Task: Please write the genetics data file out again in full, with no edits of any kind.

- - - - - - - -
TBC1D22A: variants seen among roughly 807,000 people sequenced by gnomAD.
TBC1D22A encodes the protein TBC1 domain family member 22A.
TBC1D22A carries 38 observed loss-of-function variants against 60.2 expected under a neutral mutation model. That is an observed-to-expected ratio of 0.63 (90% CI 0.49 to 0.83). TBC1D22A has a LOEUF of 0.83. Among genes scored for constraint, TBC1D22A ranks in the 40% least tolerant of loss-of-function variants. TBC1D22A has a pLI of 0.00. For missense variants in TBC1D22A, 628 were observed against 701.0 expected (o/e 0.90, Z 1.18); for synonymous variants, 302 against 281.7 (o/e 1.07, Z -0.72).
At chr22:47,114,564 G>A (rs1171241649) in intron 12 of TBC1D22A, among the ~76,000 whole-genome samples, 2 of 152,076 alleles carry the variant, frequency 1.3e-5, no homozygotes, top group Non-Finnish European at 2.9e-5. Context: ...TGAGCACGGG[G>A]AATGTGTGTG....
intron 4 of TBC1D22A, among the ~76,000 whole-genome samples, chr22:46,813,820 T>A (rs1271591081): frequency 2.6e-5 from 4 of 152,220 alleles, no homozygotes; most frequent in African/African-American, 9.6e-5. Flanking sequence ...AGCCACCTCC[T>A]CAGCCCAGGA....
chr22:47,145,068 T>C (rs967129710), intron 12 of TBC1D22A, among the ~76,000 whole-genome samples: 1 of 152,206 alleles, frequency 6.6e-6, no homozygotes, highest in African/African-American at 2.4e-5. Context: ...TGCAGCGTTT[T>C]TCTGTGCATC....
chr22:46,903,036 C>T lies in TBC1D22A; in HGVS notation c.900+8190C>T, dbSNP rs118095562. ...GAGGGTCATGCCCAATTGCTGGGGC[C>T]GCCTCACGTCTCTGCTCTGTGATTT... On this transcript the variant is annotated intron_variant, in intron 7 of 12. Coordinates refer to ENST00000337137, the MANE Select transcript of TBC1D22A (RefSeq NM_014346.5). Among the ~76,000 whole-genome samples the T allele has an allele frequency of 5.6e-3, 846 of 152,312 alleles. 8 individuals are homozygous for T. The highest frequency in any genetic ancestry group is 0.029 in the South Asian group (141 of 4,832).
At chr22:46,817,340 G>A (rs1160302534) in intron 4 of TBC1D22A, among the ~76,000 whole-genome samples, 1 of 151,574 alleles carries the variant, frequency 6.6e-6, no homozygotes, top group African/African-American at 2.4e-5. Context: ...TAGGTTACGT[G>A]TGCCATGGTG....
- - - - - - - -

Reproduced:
TBC1D22A: variants seen among roughly 807,000 people sequenced by gnomAD.
TBC1D22A encodes the protein TBC1 domain family member 22A.
TBC1D22A carries 38 observed loss-of-function variants against 60.2 expected under a neutral mutation model. That is an observed-to-expected ratio of 0.63 (90% CI 0.49 to 0.83). TBC1D22A has a LOEUF of 0.83. Among genes scored for constraint, TBC1D22A ranks in the 40% least tolerant of loss-of-function variants. TBC1D22A has a pLI of 0.00. For missense variants in TBC1D22A, 628 were observed against 701.0 expected (o/e 0.90, Z 1.18); for synonymous variants, 302 against 281.7 (o/e 1.07, Z -0.72).
At chr22:47,114,564 G>A (rs1171241649) in intron 12 of TBC1D22A, among the ~76,000 whole-genome samples, 2 of 152,076 alleles carry the variant, frequency 1.3e-5, no homozygotes, top group Non-Finnish European at 2.9e-5. Context: ...TGAGCACGGG[G>A]AATGTGTGTG....
intron 4 of TBC1D22A, among the ~76,000 whole-genome samples, chr22:46,813,820 T>A (rs1271591081): frequency 2.6e-5 from 4 of 152,220 alleles, no homozygotes; most frequent in African/African-American, 9.6e-5. Flanking sequence ...AGCCACCTCC[T>A]CAGCCCAGGA....
chr22:47,145,068 T>C (rs967129710), intron 12 of TBC1D22A, among the ~76,000 whole-genome samples: 1 of 152,206 alleles, frequency 6.6e-6, no homozygotes, highest in African/African-American at 2.4e-5. Context: ...TGCAGCGTTT[T>C]TCTGTGCATC....
chr22:46,903,036 C>T lies in TBC1D22A; in HGVS notation c.900+8190C>T, dbSNP rs118095562. ...GAGGGTCATGCCCAATTGCTGGGGC[C>T]GCCTCACGTCTCTGCTCTGTGATTT... On this transcript the variant is annotated intron_variant, in intron 7 of 12. Coordinates refer to ENST00000337137, the MANE Select transcript of TBC1D22A (RefSeq NM_014346.5). Among the ~76,000 whole-genome samples the T allele has an allele frequency of 5.6e-3, 846 of 152,312 alleles. 8 individuals are homozygous for T. The highest frequency in any genetic ancestry group is 0.029 in the South Asian group (141 of 4,832).
At chr22:46,817,340 G>A (rs1160302534) in intron 4 of TBC1D22A, among the ~76,000 whole-genome samples, 1 of 151,574 alleles carries the variant, frequency 6.6e-6, no homozygotes, top group African/African-American at 2.4e-5. Context: ...TAGGTTACGT[G>A]TGCCATGGTG....